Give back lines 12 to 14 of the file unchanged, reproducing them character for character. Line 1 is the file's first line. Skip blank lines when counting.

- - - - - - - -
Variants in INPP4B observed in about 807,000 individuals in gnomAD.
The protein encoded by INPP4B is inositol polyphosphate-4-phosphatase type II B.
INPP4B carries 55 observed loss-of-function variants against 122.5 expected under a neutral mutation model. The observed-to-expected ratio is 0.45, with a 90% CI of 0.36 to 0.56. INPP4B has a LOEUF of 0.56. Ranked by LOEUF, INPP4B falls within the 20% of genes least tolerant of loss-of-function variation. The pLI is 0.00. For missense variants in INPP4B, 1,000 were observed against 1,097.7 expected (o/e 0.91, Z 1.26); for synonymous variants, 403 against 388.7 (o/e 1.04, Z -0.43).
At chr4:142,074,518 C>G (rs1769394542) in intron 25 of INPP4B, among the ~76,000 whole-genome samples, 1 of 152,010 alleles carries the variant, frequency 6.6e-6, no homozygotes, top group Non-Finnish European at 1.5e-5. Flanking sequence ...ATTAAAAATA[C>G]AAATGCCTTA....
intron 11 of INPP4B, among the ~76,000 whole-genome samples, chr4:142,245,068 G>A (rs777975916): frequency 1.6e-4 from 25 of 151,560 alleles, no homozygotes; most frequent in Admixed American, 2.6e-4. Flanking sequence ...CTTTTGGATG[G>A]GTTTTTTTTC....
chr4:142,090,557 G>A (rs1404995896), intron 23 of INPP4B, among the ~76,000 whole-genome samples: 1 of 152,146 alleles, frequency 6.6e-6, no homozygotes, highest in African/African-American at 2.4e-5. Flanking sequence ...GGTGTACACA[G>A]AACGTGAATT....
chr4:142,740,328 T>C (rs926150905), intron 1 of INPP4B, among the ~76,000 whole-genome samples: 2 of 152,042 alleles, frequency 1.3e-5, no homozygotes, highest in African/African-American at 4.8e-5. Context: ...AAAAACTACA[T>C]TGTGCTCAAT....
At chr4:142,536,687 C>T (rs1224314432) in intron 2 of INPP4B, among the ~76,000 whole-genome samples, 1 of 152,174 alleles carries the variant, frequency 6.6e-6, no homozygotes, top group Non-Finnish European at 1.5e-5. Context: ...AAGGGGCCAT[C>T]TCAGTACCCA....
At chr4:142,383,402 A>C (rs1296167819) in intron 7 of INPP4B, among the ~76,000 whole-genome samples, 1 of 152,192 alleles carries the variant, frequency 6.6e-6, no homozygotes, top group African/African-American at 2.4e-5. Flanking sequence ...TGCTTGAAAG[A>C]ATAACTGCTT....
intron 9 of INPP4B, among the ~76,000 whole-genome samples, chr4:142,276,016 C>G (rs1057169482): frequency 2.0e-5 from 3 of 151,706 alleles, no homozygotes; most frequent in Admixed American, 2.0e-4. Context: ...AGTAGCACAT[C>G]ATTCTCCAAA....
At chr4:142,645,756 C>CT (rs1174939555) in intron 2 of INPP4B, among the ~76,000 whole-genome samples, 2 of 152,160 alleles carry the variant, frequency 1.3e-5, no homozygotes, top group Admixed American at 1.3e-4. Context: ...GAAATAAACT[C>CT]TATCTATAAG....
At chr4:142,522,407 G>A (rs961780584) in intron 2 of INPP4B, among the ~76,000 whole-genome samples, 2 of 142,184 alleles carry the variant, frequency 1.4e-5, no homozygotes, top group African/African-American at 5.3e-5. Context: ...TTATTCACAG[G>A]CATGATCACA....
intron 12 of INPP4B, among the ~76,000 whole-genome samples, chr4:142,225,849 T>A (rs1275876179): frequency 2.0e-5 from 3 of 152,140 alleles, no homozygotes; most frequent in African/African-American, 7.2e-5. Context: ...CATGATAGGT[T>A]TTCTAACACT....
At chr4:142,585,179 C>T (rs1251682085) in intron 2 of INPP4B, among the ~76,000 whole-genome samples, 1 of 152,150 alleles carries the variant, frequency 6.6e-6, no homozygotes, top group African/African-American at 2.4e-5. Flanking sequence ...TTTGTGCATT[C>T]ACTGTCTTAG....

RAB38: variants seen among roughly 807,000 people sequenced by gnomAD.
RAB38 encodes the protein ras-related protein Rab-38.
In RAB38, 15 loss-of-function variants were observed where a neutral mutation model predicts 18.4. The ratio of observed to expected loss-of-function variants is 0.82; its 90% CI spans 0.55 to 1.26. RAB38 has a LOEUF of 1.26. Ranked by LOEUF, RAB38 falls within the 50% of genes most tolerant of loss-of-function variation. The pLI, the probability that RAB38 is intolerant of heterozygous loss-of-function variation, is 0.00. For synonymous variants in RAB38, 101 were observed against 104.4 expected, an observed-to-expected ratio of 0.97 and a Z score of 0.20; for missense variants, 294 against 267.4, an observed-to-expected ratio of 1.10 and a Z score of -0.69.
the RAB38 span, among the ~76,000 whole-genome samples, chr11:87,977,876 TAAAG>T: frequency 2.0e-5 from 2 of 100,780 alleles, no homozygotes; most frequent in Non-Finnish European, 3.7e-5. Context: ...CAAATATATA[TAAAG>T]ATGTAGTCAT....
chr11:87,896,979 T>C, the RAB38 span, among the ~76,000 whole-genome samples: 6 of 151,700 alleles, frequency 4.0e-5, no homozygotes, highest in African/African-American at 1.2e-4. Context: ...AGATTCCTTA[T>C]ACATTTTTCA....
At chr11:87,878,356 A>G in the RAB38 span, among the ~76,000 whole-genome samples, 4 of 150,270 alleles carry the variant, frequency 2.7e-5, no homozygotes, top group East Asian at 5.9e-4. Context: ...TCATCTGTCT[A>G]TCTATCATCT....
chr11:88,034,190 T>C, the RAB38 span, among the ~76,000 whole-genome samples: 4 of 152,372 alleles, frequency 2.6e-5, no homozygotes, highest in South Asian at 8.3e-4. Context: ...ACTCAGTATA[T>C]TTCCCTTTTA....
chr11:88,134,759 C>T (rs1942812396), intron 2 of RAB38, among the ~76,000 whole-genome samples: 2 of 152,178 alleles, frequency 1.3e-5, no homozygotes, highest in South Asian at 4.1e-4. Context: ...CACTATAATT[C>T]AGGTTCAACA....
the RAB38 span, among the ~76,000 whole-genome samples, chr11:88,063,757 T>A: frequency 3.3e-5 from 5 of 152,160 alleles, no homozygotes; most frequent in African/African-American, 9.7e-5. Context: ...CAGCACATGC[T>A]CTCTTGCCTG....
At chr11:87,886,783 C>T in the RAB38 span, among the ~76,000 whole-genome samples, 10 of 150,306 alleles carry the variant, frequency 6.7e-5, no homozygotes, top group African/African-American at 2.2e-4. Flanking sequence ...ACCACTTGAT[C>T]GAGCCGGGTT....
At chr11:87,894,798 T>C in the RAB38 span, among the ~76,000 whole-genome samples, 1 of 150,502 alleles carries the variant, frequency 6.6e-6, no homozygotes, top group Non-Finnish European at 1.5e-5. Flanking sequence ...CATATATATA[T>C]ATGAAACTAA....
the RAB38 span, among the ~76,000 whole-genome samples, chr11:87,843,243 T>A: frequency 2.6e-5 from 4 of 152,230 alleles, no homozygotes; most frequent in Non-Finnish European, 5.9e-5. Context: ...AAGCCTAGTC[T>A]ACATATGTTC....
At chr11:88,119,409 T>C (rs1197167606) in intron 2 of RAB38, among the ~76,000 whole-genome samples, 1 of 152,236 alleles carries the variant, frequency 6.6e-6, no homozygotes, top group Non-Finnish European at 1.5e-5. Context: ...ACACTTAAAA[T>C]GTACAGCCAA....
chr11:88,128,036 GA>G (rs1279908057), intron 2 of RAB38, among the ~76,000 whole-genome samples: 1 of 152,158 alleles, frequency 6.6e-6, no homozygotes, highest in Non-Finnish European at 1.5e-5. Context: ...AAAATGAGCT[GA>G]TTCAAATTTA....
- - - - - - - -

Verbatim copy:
At chr4:142,522,407 G>A (rs961780584) in intron 2 of INPP4B, among the ~76,000 whole-genome samples, 2 of 142,184 alleles carry the variant, frequency 1.4e-5, no homozygotes, top group African/African-American at 5.3e-5. Context: ...TTATTCACAG[G>A]CATGATCACA....
intron 12 of INPP4B, among the ~76,000 whole-genome samples, chr4:142,225,849 T>A (rs1275876179): frequency 2.0e-5 from 3 of 152,140 alleles, no homozygotes; most frequent in African/African-American, 7.2e-5. Context: ...CATGATAGGT[T>A]TTCTAACACT....
At chr4:142,585,179 C>T (rs1251682085) in intron 2 of INPP4B, among the ~76,000 whole-genome samples, 1 of 152,150 alleles carries the variant, frequency 6.6e-6, no homozygotes, top group African/African-American at 2.4e-5. Flanking sequence ...TTTGTGCATT[C>T]ACTGTCTTAG....